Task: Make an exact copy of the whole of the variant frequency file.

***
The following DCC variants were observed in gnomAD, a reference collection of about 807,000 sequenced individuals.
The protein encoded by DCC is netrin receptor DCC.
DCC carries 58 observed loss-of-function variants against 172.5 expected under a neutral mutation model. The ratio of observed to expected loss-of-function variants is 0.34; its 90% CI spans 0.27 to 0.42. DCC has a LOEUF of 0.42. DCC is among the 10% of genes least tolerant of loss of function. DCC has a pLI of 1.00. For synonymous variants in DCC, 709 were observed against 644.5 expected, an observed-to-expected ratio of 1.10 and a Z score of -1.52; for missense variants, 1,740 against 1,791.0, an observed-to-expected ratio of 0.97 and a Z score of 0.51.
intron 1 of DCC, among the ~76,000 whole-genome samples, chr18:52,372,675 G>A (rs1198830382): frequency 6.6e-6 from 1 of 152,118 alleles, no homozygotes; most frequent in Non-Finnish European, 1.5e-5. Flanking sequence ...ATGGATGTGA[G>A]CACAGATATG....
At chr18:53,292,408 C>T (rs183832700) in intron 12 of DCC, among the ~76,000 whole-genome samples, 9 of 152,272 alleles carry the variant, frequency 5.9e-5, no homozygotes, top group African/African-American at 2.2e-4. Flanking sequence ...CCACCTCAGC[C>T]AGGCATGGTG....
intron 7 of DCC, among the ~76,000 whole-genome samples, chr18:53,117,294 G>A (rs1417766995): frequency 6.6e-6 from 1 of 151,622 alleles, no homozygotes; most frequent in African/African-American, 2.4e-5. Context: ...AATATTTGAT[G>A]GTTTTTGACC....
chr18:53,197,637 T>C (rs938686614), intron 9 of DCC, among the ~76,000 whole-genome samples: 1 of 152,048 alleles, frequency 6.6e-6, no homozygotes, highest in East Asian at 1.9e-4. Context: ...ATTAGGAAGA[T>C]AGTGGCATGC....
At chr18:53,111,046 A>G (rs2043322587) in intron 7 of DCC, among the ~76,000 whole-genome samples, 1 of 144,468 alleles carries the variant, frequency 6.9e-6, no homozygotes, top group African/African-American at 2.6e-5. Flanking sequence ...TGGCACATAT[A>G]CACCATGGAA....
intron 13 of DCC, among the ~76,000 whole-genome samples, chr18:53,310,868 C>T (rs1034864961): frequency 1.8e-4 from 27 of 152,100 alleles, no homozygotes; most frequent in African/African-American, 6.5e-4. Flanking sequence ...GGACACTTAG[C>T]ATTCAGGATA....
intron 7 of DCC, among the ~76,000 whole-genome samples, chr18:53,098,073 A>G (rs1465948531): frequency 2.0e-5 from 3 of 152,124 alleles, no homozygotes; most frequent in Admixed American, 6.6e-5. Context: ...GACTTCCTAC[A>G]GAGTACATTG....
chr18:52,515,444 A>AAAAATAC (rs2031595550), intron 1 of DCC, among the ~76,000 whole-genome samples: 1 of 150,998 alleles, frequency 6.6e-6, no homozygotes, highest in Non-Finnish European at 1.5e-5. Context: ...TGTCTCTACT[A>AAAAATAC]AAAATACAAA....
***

The following DCC variants were observed in gnomAD, a reference collection of about 807,000 sequenced individuals.
The protein encoded by DCC is netrin receptor DCC.
DCC carries 58 observed loss-of-function variants against 172.5 expected under a neutral mutation model. The ratio of observed to expected loss-of-function variants is 0.34; its 90% CI spans 0.27 to 0.42. DCC has a LOEUF of 0.42. DCC is among the 10% of genes least tolerant of loss of function. DCC has a pLI of 1.00. For synonymous variants in DCC, 709 were observed against 644.5 expected, an observed-to-expected ratio of 1.10 and a Z score of -1.52; for missense variants, 1,740 against 1,791.0, an observed-to-expected ratio of 0.97 and a Z score of 0.51.
intron 1 of DCC, among the ~76,000 whole-genome samples, chr18:52,372,675 G>A (rs1198830382): frequency 6.6e-6 from 1 of 152,118 alleles, no homozygotes; most frequent in Non-Finnish European, 1.5e-5. Flanking sequence ...ATGGATGTGA[G>A]CACAGATATG....
At chr18:53,292,408 C>T (rs183832700) in intron 12 of DCC, among the ~76,000 whole-genome samples, 9 of 152,272 alleles carry the variant, frequency 5.9e-5, no homozygotes, top group African/African-American at 2.2e-4. Flanking sequence ...CCACCTCAGC[C>T]AGGCATGGTG....
intron 7 of DCC, among the ~76,000 whole-genome samples, chr18:53,117,294 G>A (rs1417766995): frequency 6.6e-6 from 1 of 151,622 alleles, no homozygotes; most frequent in African/African-American, 2.4e-5. Context: ...AATATTTGAT[G>A]GTTTTTGACC....
chr18:53,197,637 T>C (rs938686614), intron 9 of DCC, among the ~76,000 whole-genome samples: 1 of 152,048 alleles, frequency 6.6e-6, no homozygotes, highest in East Asian at 1.9e-4. Context: ...ATTAGGAAGA[T>C]AGTGGCATGC....
At chr18:53,111,046 A>G (rs2043322587) in intron 7 of DCC, among the ~76,000 whole-genome samples, 1 of 144,468 alleles carries the variant, frequency 6.9e-6, no homozygotes, top group African/African-American at 2.6e-5. Flanking sequence ...TGGCACATAT[A>G]CACCATGGAA....
intron 13 of DCC, among the ~76,000 whole-genome samples, chr18:53,310,868 C>T (rs1034864961): frequency 1.8e-4 from 27 of 152,100 alleles, no homozygotes; most frequent in African/African-American, 6.5e-4. Flanking sequence ...GGACACTTAG[C>T]ATTCAGGATA....
intron 7 of DCC, among the ~76,000 whole-genome samples, chr18:53,098,073 A>G (rs1465948531): frequency 2.0e-5 from 3 of 152,124 alleles, no homozygotes; most frequent in Admixed American, 6.6e-5. Context: ...GACTTCCTAC[A>G]GAGTACATTG....
chr18:52,515,444 A>AAAAATAC (rs2031595550), intron 1 of DCC, among the ~76,000 whole-genome samples: 1 of 150,998 alleles, frequency 6.6e-6, no homozygotes, highest in Non-Finnish European at 1.5e-5. Context: ...TGTCTCTACT[A>AAAAATAC]AAAATACAAA....